carrying enormous risk. >> you're going to see another peak, a spike, and then you also have to turn the clock back to go back to mitigation. so that is the reason why i keep trying to articulate to the public and to the leaders, take a look at the guidelines. they don't tell you because you've reached the end of the 30-day mitigation period that all of a sudden you switch a light on and you just go for it. that is not the way to do. >> and just within the last hour, we learned that new mexico governor is ordering the lockdown of a small city near the arizona border because of a large coronavirus outbreak there. cnn's ed lavandera joins us with the latest. what is go on with lockdown in the state? what are you hearing. >> reporter: well, the town of gallup, new mexico, is about 22,000 people west of albuquerque. it is a remote area where medical facilities have been taxed thin for the last few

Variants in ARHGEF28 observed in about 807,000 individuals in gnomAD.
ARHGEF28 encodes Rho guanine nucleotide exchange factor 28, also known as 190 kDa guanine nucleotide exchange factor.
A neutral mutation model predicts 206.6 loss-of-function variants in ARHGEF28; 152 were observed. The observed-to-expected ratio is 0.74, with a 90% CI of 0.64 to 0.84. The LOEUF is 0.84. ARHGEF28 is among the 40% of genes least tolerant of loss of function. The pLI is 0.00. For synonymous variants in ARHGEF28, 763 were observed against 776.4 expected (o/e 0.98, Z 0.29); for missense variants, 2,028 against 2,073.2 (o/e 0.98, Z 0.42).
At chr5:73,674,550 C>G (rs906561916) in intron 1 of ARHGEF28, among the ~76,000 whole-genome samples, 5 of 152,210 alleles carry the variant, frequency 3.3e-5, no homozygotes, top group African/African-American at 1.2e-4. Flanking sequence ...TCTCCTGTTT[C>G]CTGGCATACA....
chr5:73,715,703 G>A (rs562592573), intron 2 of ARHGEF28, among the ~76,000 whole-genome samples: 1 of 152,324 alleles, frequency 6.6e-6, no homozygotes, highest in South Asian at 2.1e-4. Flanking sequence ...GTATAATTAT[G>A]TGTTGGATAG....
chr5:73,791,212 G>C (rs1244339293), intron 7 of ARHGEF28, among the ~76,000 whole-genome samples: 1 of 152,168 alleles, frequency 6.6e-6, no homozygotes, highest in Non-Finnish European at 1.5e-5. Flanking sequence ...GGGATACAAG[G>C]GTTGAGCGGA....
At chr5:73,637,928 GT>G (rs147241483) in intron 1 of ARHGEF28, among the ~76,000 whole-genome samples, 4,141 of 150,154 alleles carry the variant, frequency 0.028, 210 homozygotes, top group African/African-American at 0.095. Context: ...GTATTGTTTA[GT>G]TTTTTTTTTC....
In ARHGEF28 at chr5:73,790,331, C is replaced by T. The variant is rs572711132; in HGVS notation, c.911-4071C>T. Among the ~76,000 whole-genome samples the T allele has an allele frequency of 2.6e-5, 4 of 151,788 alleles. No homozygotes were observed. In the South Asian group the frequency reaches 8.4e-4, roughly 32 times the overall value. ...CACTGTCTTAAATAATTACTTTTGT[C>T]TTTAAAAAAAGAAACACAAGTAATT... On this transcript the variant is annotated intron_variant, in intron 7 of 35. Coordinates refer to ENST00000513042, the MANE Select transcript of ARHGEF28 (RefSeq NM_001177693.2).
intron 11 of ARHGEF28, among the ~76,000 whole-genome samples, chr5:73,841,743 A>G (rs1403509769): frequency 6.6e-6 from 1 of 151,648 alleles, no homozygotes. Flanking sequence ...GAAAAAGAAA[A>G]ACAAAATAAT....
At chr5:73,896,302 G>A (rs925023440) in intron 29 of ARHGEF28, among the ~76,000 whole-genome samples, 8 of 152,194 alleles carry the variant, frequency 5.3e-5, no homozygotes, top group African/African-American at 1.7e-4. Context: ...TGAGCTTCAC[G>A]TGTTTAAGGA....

weeks. this is a community with -- even though a population of 22,000, has more than a thousand coronavirus cases and those cases have jumped by more than 200 in just the last few days. because of that, the mayor and the governor have now essentially put the city of gallup, new mexico, on lockdown starting at noon mountain time today. residents will be required to stay in their homes. only allowed out for essential and emergency visits. people traveling in cars can only have two people in a car at any given time and all businesses must be closed down from 5:00 p.m. until 8:00 a.m. this emergency order goes into effect today. and, kate, lasted until monday. so it is just from friday to monday where this is being done. but this is because, again, the city of gallup, new mexico, accounts for about 30% of the coronavirus cases in the entire state of new mexico. as i mentioned, there is a great